Reinstalling Windows after removing RAID takes a bit of tinkering, partially because MediaTek WiFi cards are not automatically supported by Windows (or Linux) and require separate driver installation. In that regard, it is a suggestion to MediaTek to get their devices supported by Windows, otherwise a suggestion for ASUS to avoid hardware partners who are not capable of keeping their devices properly supported.
Not sure if I have mentioned it in here, but the latest A16 reviews showing thermal throttling under load is pretty sad, so I'll say it again.
All of your gaming laptops deserve better cooling. You have the development and production processes in place already. Do not turn fans down because muppets cry it gets loud, because now the max speed isn't enough to control the heat properly.
Also, even if it is only standard Conductonaut. I believe all gaming laptops should have the best possible cooling available. Considering that there is no real OC potential in your laptops because you don't allow it on the CPU and gimp GPU cause "miners". Thermal headroom is not waste potential, it's just laziness. Your machines TUF machines would fair much better with proper cooling solutions instead of budget TIMs.
DO you not think, using liquid metal on the CPU and either that or PTM7950 on the GPU and some Upsiren UX pro ultra on the VRAM and VRMs wouldn't actually make the machine quieter anyway? Less heat... less noise. Instead you appear to have opted for same TIMs less fan speed. Stop making sub par products.
ROG Zephyrus Duo
(1) Remove track pad and make keyboard full size. Centre it. Include Print Screen Key. Provide external trackpad hardware - make it clever (not just a mouse). Be brave. No one uses the trackpad and it is useless anyway for left handed people.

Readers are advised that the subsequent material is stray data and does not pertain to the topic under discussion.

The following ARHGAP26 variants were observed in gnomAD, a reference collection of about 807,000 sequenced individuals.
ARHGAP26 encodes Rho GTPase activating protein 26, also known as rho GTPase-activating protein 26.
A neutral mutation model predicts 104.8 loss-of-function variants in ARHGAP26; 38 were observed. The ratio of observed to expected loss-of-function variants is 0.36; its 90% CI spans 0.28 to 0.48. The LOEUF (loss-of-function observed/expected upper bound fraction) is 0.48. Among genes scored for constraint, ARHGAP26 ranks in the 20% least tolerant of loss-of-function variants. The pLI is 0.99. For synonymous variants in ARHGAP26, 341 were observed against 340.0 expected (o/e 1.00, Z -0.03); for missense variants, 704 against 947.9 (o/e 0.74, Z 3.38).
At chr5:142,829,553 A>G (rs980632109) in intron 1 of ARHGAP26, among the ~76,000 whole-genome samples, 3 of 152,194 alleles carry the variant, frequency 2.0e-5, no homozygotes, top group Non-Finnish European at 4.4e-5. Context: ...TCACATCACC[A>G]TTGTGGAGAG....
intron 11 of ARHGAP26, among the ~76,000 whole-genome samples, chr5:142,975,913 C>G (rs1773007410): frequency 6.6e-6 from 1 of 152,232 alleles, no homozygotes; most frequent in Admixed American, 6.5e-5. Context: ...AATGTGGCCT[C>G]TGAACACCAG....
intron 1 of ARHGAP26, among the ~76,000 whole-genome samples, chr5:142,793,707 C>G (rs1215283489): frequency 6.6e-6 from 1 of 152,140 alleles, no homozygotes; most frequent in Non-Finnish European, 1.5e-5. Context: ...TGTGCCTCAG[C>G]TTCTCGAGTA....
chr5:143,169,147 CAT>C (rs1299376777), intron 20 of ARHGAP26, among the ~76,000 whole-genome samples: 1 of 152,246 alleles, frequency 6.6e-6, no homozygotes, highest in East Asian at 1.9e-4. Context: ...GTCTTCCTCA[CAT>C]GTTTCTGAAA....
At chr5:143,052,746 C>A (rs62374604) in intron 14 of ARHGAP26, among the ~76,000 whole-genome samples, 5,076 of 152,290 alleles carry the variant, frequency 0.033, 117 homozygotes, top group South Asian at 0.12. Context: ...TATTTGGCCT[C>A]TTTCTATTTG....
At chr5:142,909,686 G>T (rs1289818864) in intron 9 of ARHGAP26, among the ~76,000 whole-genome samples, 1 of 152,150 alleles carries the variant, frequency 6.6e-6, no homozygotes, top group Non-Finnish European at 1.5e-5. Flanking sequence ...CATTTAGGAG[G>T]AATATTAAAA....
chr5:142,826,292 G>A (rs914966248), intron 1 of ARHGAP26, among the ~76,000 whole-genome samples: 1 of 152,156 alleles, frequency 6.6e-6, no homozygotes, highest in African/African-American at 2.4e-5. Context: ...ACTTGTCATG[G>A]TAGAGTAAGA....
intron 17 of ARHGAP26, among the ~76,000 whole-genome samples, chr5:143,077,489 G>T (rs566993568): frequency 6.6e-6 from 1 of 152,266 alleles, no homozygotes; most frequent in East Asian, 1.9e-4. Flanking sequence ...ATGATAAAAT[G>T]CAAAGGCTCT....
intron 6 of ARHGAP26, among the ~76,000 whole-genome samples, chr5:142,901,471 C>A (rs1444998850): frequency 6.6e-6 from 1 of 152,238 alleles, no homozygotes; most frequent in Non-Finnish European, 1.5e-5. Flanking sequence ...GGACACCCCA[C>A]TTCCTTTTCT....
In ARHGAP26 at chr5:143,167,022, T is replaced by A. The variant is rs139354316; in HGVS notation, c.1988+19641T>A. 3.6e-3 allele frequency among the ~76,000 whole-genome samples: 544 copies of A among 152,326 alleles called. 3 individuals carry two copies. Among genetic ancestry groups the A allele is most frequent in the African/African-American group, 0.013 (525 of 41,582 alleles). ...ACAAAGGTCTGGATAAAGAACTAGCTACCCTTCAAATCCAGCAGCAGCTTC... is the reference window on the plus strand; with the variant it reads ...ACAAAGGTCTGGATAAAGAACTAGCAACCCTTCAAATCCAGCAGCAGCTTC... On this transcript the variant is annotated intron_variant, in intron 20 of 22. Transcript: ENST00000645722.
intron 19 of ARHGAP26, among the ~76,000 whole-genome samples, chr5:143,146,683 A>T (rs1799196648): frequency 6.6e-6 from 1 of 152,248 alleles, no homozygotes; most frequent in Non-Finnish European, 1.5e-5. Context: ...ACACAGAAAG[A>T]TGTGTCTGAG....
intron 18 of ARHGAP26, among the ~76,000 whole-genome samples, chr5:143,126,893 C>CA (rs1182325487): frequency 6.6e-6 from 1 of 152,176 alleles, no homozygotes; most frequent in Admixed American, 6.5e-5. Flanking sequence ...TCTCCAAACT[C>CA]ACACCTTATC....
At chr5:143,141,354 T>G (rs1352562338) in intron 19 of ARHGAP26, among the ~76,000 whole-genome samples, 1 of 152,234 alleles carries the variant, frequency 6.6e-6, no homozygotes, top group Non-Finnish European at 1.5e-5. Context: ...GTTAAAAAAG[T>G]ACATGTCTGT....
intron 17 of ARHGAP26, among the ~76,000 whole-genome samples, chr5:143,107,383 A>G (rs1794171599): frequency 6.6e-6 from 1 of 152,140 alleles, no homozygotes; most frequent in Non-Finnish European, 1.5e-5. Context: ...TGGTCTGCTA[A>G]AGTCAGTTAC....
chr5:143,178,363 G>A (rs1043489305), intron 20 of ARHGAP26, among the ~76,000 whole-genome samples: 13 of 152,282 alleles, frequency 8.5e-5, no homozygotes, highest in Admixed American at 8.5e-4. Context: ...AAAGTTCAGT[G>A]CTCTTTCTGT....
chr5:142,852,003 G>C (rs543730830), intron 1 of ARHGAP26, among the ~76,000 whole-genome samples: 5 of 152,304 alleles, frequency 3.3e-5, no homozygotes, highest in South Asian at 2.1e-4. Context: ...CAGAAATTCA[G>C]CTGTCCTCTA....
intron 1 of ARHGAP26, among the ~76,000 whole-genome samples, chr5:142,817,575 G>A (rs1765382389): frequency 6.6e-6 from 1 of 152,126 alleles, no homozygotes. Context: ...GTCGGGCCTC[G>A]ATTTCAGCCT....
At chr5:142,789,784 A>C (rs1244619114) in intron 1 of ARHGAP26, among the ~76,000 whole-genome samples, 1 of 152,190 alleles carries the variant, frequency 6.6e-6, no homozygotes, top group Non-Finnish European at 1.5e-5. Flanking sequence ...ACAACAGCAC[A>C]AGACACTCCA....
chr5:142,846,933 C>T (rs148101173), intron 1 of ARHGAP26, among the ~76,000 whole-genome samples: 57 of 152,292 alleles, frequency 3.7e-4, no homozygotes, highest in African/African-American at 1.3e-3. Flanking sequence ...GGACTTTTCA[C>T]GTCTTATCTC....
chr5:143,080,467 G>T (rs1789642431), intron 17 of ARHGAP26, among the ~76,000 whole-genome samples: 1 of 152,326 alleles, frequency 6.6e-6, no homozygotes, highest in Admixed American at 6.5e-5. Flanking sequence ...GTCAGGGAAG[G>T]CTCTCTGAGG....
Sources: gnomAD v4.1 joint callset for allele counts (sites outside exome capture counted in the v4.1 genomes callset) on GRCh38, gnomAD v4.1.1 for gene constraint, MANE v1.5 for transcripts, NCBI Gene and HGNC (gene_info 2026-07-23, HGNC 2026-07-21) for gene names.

(2) Add LEDs to properly light the motherboard where it shows through under the perspex
(3) Work out how to have both USB power and Brick power at the back
(4) Increase the length of wire on the main power brick - it is far too short and no one wants this sitting on a desk. It need to be long enough so the brick can be hidden under a desk.
(5) Add a proper wrist rest like that on the standard non-Rog Duo. The rubber wrist rest is awful.
(6) Add a simpler way to get per-key RGB
(7) The lid is very elegant. Keep it like this. However, if you can work out how to add some VERY minimal lighting on the logo - (VERY SMALL) to keep the prestige, it would be nice.
(8) Provide it with, or make, a dedicated stand to raise the device and improve ergonomics (to bring the screen closer and counter balance the issue of the keyboard being to near the front.
As a Zephyrus Duo user, I like some of these ideas, but will give feedback with additional ideas.
1) I like having a trackpad (and NUMPAD!!!). The trackpad can be gotten rid of if there was an extra button to make the ScreenPad work as a trackpad (currently switchable exclusively from software; must be Linux-compatible), but the NumPad has to stay there (as "full size" was mentioned, I assume there is agreement). There would be room for at least 3+1 extra keys though. I do, however, still appreciate the current solution that is mostly thumb-oriented.
4) Yes. The cable from the brick to the computer is hilariously short.
5/8) Most non-laptop keyboards have short or non-existent wrist rests, I have found myself not needing a wrist rest on the lap or on a desk. For ergonomics, the rear feet are already way thicker than they need to be (airflow under the laptop is minimal) and that is the thickest point of the entire device. I would not like more thickness, the thin look works well for the device. Also remember, the laptop already comes with a dedicated riser in the box (the foldable cardboard with magnets), though that has a tendency to slip on many desks. If that thing was a little prettier or less slippy, I'd be happy.